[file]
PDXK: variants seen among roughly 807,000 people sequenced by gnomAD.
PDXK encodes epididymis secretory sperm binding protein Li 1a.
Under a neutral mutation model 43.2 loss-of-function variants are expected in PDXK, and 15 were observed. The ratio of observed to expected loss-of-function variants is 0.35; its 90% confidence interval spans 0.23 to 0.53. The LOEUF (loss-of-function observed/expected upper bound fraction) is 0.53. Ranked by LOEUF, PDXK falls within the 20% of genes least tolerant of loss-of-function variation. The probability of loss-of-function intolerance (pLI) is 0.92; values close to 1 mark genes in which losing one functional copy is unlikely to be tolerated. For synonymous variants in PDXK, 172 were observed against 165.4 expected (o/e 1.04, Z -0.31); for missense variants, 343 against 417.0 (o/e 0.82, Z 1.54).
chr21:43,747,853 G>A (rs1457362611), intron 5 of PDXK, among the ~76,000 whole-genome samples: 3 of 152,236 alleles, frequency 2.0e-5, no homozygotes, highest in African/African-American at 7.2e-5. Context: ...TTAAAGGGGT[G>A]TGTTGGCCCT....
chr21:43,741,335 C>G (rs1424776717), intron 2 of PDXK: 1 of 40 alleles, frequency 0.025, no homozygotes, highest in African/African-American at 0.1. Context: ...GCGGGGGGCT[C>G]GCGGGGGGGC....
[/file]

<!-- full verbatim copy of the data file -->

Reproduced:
PDXK: variants seen among roughly 807,000 people sequenced by gnomAD.
PDXK encodes epididymis secretory sperm binding protein Li 1a.
Under a neutral mutation model 43.2 loss-of-function variants are expected in PDXK, and 15 were observed. The ratio of observed to expected loss-of-function variants is 0.35; its 90% confidence interval spans 0.23 to 0.53. The LOEUF (loss-of-function observed/expected upper bound fraction) is 0.53. Ranked by LOEUF, PDXK falls within the 20% of genes least tolerant of loss-of-function variation. The probability of loss-of-function intolerance (pLI) is 0.92; values close to 1 mark genes in which losing one functional copy is unlikely to be tolerated. For synonymous variants in PDXK, 172 were observed against 165.4 expected (o/e 1.04, Z -0.31); for missense variants, 343 against 417.0 (o/e 0.82, Z 1.54).
chr21:43,747,853 G>A (rs1457362611), intron 5 of PDXK, among the ~76,000 whole-genome samples: 3 of 152,236 alleles, frequency 2.0e-5, no homozygotes, highest in African/African-American at 7.2e-5. Context: ...TTAAAGGGGT[G>A]TGTTGGCCCT....
chr21:43,741,335 C>G (rs1424776717), intron 2 of PDXK: 1 of 40 alleles, frequency 0.025, no homozygotes, highest in African/African-American at 0.1. Context: ...GCGGGGGGCT[C>G]GCGGGGGGGC....